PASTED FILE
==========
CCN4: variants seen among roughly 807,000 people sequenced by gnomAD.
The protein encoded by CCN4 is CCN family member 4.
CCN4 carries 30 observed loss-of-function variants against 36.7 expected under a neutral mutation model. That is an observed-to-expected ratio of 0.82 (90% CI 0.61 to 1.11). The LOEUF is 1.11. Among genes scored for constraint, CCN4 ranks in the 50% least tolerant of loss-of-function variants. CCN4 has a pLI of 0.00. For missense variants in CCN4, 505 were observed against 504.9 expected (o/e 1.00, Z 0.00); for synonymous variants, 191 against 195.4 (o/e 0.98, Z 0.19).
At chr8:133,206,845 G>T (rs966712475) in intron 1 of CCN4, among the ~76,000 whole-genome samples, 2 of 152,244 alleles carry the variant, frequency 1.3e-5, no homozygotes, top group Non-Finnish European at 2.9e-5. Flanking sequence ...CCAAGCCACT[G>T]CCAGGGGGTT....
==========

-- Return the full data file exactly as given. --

CCN4: variants seen among roughly 807,000 people sequenced by gnomAD.
The protein encoded by CCN4 is CCN family member 4.
CCN4 carries 30 observed loss-of-function variants against 36.7 expected under a neutral mutation model. That is an observed-to-expected ratio of 0.82 (90% CI 0.61 to 1.11). The LOEUF is 1.11. Among genes scored for constraint, CCN4 ranks in the 50% least tolerant of loss-of-function variants. CCN4 has a pLI of 0.00. For missense variants in CCN4, 505 were observed against 504.9 expected (o/e 1.00, Z 0.00); for synonymous variants, 191 against 195.4 (o/e 0.98, Z 0.19).
At chr8:133,206,845 G>T (rs966712475) in intron 1 of CCN4, among the ~76,000 whole-genome samples, 2 of 152,244 alleles carry the variant, frequency 1.3e-5, no homozygotes, top group Non-Finnish European at 2.9e-5. Flanking sequence ...CCAAGCCACT[G>T]CCAGGGGGTT....